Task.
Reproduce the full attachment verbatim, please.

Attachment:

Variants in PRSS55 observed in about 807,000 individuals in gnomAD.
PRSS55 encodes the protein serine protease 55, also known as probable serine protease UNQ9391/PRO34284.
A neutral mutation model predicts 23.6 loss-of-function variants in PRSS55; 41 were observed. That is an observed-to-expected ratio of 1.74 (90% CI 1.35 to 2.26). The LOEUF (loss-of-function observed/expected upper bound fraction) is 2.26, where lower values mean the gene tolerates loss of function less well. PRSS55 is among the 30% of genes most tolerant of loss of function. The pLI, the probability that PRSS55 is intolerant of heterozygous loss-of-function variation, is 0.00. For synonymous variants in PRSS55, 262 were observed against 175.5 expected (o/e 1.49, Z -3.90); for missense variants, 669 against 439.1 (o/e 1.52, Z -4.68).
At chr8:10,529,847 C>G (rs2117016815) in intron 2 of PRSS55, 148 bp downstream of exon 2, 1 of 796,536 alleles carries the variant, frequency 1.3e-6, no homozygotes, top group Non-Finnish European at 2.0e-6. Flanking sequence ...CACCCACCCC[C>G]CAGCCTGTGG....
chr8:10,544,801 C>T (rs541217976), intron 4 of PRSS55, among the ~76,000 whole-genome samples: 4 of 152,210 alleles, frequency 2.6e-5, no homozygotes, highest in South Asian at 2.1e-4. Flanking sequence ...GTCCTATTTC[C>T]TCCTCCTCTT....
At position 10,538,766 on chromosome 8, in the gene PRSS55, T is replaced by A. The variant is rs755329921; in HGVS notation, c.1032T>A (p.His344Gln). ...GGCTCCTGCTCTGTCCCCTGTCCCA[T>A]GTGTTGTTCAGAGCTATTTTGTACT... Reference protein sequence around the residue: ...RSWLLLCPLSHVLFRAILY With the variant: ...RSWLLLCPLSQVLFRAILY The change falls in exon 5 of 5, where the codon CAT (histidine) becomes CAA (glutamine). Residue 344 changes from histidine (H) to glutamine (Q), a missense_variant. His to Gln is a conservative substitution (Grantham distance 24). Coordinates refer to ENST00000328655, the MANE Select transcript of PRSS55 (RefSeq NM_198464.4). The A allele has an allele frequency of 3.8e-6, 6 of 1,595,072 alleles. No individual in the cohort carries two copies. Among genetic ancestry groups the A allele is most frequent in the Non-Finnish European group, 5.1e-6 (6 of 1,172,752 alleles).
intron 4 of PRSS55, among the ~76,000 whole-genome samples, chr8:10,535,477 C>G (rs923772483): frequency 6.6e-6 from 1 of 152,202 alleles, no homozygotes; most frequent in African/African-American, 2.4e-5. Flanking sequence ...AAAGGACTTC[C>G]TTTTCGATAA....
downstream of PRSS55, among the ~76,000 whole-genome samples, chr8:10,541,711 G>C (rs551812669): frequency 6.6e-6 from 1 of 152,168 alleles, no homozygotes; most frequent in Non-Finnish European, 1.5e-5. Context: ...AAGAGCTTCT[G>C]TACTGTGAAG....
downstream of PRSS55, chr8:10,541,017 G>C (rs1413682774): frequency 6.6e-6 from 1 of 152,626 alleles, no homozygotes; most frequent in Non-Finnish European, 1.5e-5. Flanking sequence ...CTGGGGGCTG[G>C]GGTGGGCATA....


Variants in PRSS55 observed in about 807,000 individuals in gnomAD.
PRSS55 encodes the protein serine protease 55, also known as probable serine protease UNQ9391/PRO34284.
A neutral mutation model predicts 23.6 loss-of-function variants in PRSS55; 41 were observed. That is an observed-to-expected ratio of 1.74 (90% CI 1.35 to 2.26). The LOEUF (loss-of-function observed/expected upper bound fraction) is 2.26, where lower values mean the gene tolerates loss of function less well. PRSS55 is among the 30% of genes most tolerant of loss of function. The pLI, the probability that PRSS55 is intolerant of heterozygous loss-of-function variation, is 0.00. For synonymous variants in PRSS55, 262 were observed against 175.5 expected (o/e 1.49, Z -3.90); for missense variants, 669 against 439.1 (o/e 1.52, Z -4.68).
At chr8:10,529,847 C>G (rs2117016815) in intron 2 of PRSS55, 148 bp downstream of exon 2, 1 of 796,536 alleles carries the variant, frequency 1.3e-6, no homozygotes, top group Non-Finnish European at 2.0e-6. Flanking sequence ...CACCCACCCC[C>G]CAGCCTGTGG....
chr8:10,544,801 C>T (rs541217976), intron 4 of PRSS55, among the ~76,000 whole-genome samples: 4 of 152,210 alleles, frequency 2.6e-5, no homozygotes, highest in South Asian at 2.1e-4. Flanking sequence ...GTCCTATTTC[C>T]TCCTCCTCTT....
At position 10,538,766 on chromosome 8, in the gene PRSS55, T is replaced by A. The variant is rs755329921; in HGVS notation, c.1032T>A (p.His344Gln). ...GGCTCCTGCTCTGTCCCCTGTCCCA[T>A]GTGTTGTTCAGAGCTATTTTGTACT... Reference protein sequence around the residue: ...RSWLLLCPLSHVLFRAILY With the variant: ...RSWLLLCPLSQVLFRAILY The change falls in exon 5 of 5, where the codon CAT (histidine) becomes CAA (glutamine). Residue 344 changes from histidine (H) to glutamine (Q), a missense_variant. His to Gln is a conservative substitution (Grantham distance 24). Coordinates refer to ENST00000328655, the MANE Select transcript of PRSS55 (RefSeq NM_198464.4). The A allele has an allele frequency of 3.8e-6, 6 of 1,595,072 alleles. No individual in the cohort carries two copies. Among genetic ancestry groups the A allele is most frequent in the Non-Finnish European group, 5.1e-6 (6 of 1,172,752 alleles).
intron 4 of PRSS55, among the ~76,000 whole-genome samples, chr8:10,535,477 C>G (rs923772483): frequency 6.6e-6 from 1 of 152,202 alleles, no homozygotes; most frequent in African/African-American, 2.4e-5. Flanking sequence ...AAAGGACTTC[C>G]TTTTCGATAA....
downstream of PRSS55, among the ~76,000 whole-genome samples, chr8:10,541,711 G>C (rs551812669): frequency 6.6e-6 from 1 of 152,168 alleles, no homozygotes; most frequent in Non-Finnish European, 1.5e-5. Context: ...AAGAGCTTCT[G>C]TACTGTGAAG....
downstream of PRSS55, chr8:10,541,017 G>C (rs1413682774): frequency 6.6e-6 from 1 of 152,626 alleles, no homozygotes; most frequent in Non-Finnish European, 1.5e-5. Flanking sequence ...CTGGGGGCTG[G>C]GGTGGGCATA....